Leaving Clark Airbase was an event in itself. My wife’s parents met us at the exit area for the airport and after the formalities we moved around to the side of the building to try to get a taxi to their house in Porac, Pampanga province. At any airport you’re likely to get ripped off on cab fare, but I was shocked at the price. We weren’t even going that far from the airport, but the driver wanted 650 PHP (only 13.36 USD but very very high for the Philippines). My wife’s mom tried to haggle with the taxi coordinator, but it wasn’t working. Even so, she kept badgering the poor guy until the cab actually arrived. Neither one of them wanted to budge and in the end we wound up paying the full 650 PHP. At least the taxi justified the price. It was the size of a Jeepney, but closed in like an FX, and the air conditioning was cold. There was plenty of room for everyone and our luggage too.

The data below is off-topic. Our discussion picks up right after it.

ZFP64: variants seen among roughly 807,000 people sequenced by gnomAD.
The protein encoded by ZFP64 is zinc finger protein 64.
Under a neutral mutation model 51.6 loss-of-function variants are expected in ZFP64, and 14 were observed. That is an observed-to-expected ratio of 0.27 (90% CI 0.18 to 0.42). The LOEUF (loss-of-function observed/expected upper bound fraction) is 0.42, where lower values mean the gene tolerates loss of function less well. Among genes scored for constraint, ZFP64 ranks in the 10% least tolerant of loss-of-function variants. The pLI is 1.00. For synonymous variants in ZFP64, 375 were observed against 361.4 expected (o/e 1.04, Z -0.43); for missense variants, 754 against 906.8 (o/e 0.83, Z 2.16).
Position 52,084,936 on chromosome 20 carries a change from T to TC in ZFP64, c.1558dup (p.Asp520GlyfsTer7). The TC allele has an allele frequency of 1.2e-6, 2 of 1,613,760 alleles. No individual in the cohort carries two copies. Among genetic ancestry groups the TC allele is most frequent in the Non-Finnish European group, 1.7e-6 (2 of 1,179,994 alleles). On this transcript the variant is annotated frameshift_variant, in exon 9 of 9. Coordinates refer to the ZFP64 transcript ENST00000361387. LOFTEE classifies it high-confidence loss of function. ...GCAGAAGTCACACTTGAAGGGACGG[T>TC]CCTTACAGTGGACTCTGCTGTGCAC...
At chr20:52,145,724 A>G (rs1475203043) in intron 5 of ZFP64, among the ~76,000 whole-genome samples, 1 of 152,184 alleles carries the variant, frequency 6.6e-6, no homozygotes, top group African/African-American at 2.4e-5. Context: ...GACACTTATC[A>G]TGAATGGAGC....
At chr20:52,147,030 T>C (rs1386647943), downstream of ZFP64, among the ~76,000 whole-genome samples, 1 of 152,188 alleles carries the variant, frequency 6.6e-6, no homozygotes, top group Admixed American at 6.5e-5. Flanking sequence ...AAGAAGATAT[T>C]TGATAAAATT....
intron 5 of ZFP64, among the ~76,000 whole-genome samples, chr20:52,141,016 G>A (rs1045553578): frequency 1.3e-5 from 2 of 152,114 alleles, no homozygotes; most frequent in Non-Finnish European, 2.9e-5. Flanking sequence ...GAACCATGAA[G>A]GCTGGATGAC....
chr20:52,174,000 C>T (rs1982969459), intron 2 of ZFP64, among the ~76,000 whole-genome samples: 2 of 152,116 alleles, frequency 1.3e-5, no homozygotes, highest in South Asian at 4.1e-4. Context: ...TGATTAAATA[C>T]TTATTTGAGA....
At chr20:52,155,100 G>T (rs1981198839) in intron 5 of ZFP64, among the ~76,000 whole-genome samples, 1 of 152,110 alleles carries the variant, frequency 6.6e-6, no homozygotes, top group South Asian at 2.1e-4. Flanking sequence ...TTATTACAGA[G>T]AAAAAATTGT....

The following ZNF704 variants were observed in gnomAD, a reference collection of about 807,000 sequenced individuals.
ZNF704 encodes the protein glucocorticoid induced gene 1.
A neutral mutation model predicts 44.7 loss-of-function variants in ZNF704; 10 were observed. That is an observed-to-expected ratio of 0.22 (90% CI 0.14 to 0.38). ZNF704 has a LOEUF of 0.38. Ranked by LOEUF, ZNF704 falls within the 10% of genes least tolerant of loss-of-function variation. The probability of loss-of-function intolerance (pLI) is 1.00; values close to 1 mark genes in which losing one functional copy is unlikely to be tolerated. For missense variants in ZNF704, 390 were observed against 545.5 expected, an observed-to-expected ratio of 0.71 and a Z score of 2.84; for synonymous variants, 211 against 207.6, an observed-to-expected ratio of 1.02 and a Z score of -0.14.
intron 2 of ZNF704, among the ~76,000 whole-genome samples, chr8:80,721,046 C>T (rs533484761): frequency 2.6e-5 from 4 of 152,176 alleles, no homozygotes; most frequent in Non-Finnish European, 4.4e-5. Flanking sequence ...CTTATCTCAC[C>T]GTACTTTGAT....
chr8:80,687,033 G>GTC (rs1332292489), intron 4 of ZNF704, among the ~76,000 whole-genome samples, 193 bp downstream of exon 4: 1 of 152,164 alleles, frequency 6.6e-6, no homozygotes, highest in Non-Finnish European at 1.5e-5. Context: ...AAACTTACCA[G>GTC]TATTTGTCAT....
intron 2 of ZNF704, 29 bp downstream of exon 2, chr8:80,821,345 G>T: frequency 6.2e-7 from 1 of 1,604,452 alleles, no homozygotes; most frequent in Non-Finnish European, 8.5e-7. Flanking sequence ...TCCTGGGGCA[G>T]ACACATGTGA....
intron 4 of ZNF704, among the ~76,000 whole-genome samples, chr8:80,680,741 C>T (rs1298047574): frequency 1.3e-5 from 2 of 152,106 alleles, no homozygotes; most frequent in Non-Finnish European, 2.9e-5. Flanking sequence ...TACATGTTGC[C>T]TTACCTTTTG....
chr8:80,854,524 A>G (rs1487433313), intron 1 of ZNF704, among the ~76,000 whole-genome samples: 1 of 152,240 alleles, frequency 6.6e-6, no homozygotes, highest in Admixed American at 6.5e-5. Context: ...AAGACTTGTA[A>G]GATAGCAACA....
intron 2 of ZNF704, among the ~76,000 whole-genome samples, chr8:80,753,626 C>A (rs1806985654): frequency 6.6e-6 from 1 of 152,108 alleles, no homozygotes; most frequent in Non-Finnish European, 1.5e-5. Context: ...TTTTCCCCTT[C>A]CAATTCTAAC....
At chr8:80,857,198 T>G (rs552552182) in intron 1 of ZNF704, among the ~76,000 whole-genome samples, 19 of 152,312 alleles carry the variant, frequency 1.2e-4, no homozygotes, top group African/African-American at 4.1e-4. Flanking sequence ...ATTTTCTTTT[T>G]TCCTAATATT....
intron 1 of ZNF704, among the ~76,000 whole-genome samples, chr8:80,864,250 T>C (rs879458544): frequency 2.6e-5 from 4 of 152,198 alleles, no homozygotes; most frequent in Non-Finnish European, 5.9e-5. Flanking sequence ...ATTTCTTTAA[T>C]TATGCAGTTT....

The ride fromt he airport to my in-law’s house was a lot different from riding from NAIA to their house in Antipolo. Pampanga is a provincial area, so it had more of a country feel to it. Also, it looked a lot more poor than areas closer to Manila, but it wasn’t as bad as I thought it would be. We went through part of Angeles City and it reminded me of a big Antipolo.

The apartment we stayed at is in a residential area in Porac. I think the neighborhood is called Santa Cruz. The nearest city area is Angeles City. It has a mall, a movie theater, McDonald’s, Jollibee, and the typical convenience stores, food stalls, and general goods stores. Also, there are plenty of street vendors selling everything from fruit to whole roasted chickens.